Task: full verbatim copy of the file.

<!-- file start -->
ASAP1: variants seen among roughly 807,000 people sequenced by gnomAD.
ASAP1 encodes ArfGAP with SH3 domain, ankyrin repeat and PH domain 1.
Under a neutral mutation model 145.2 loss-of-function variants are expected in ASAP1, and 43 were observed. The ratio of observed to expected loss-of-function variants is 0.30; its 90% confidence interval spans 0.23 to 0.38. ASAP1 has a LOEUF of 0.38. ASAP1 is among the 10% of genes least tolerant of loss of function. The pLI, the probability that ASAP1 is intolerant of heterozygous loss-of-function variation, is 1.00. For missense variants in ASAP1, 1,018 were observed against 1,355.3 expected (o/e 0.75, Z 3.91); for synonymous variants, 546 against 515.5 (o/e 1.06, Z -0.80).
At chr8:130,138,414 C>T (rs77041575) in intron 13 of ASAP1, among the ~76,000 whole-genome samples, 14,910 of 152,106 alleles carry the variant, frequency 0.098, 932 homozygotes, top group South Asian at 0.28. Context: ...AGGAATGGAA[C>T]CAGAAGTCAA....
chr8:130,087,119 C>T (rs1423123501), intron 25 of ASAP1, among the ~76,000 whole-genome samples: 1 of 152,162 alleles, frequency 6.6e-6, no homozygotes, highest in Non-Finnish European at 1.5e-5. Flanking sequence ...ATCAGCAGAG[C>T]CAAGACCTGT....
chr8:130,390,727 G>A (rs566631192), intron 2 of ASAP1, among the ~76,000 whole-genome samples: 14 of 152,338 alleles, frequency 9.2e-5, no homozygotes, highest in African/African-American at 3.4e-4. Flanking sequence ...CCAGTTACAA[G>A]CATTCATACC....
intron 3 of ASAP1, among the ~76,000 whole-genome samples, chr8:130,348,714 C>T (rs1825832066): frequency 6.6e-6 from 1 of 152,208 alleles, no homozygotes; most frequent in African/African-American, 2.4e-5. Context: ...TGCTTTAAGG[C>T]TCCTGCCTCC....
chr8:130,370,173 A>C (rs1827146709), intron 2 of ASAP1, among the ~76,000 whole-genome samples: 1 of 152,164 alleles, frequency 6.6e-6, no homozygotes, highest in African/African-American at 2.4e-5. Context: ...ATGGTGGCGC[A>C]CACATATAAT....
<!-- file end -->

ASAP1: variants seen among roughly 807,000 people sequenced by gnomAD.
ASAP1 encodes ArfGAP with SH3 domain, ankyrin repeat and PH domain 1.
Under a neutral mutation model 145.2 loss-of-function variants are expected in ASAP1, and 43 were observed. The ratio of observed to expected loss-of-function variants is 0.30; its 90% confidence interval spans 0.23 to 0.38. ASAP1 has a LOEUF of 0.38. ASAP1 is among the 10% of genes least tolerant of loss of function. The pLI, the probability that ASAP1 is intolerant of heterozygous loss-of-function variation, is 1.00. For missense variants in ASAP1, 1,018 were observed against 1,355.3 expected (o/e 0.75, Z 3.91); for synonymous variants, 546 against 515.5 (o/e 1.06, Z -0.80).
At chr8:130,138,414 C>T (rs77041575) in intron 13 of ASAP1, among the ~76,000 whole-genome samples, 14,910 of 152,106 alleles carry the variant, frequency 0.098, 932 homozygotes, top group South Asian at 0.28. Context: ...AGGAATGGAA[C>T]CAGAAGTCAA....
chr8:130,087,119 C>T (rs1423123501), intron 25 of ASAP1, among the ~76,000 whole-genome samples: 1 of 152,162 alleles, frequency 6.6e-6, no homozygotes, highest in Non-Finnish European at 1.5e-5. Flanking sequence ...ATCAGCAGAG[C>T]CAAGACCTGT....
chr8:130,390,727 G>A (rs566631192), intron 2 of ASAP1, among the ~76,000 whole-genome samples: 14 of 152,338 alleles, frequency 9.2e-5, no homozygotes, highest in African/African-American at 3.4e-4. Flanking sequence ...CCAGTTACAA[G>A]CATTCATACC....
intron 3 of ASAP1, among the ~76,000 whole-genome samples, chr8:130,348,714 C>T (rs1825832066): frequency 6.6e-6 from 1 of 152,208 alleles, no homozygotes; most frequent in African/African-American, 2.4e-5. Context: ...TGCTTTAAGG[C>T]TCCTGCCTCC....
chr8:130,370,173 A>C (rs1827146709), intron 2 of ASAP1, among the ~76,000 whole-genome samples: 1 of 152,164 alleles, frequency 6.6e-6, no homozygotes, highest in African/African-American at 2.4e-5. Context: ...ATGGTGGCGC[A>C]CACATATAAT....